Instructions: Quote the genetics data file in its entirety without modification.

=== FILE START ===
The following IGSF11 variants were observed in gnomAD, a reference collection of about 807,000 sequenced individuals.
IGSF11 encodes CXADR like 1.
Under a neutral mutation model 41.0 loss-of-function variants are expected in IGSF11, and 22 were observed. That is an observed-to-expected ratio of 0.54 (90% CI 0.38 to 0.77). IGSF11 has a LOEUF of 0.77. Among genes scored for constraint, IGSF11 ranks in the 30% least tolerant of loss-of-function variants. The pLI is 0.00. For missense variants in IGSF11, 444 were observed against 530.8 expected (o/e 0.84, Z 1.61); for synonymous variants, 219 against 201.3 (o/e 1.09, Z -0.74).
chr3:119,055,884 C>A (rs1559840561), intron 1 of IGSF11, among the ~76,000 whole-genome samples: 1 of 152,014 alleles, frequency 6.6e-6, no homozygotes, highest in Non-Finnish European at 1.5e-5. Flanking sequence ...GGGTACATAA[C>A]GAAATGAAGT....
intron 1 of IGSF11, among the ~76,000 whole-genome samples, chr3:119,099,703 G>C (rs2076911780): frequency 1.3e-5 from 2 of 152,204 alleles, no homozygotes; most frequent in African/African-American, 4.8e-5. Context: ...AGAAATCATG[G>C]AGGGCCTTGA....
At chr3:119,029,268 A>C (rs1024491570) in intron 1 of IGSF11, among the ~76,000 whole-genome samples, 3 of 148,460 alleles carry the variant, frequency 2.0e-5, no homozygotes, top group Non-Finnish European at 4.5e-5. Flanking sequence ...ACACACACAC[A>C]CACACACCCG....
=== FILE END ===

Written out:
The following IGSF11 variants were observed in gnomAD, a reference collection of about 807,000 sequenced individuals.
IGSF11 encodes CXADR like 1.
Under a neutral mutation model 41.0 loss-of-function variants are expected in IGSF11, and 22 were observed. That is an observed-to-expected ratio of 0.54 (90% CI 0.38 to 0.77). IGSF11 has a LOEUF of 0.77. Among genes scored for constraint, IGSF11 ranks in the 30% least tolerant of loss-of-function variants. The pLI is 0.00. For missense variants in IGSF11, 444 were observed against 530.8 expected (o/e 0.84, Z 1.61); for synonymous variants, 219 against 201.3 (o/e 1.09, Z -0.74).
chr3:119,055,884 C>A (rs1559840561), intron 1 of IGSF11, among the ~76,000 whole-genome samples: 1 of 152,014 alleles, frequency 6.6e-6, no homozygotes, highest in Non-Finnish European at 1.5e-5. Flanking sequence ...GGGTACATAA[C>A]GAAATGAAGT....
intron 1 of IGSF11, among the ~76,000 whole-genome samples, chr3:119,099,703 G>C (rs2076911780): frequency 1.3e-5 from 2 of 152,204 alleles, no homozygotes; most frequent in African/African-American, 4.8e-5. Context: ...AGAAATCATG[G>C]AGGGCCTTGA....
At chr3:119,029,268 A>C (rs1024491570) in intron 1 of IGSF11, among the ~76,000 whole-genome samples, 3 of 148,460 alleles carry the variant, frequency 2.0e-5, no homozygotes, top group Non-Finnish European at 4.5e-5. Flanking sequence ...ACACACACAC[A>C]CACACACCCG....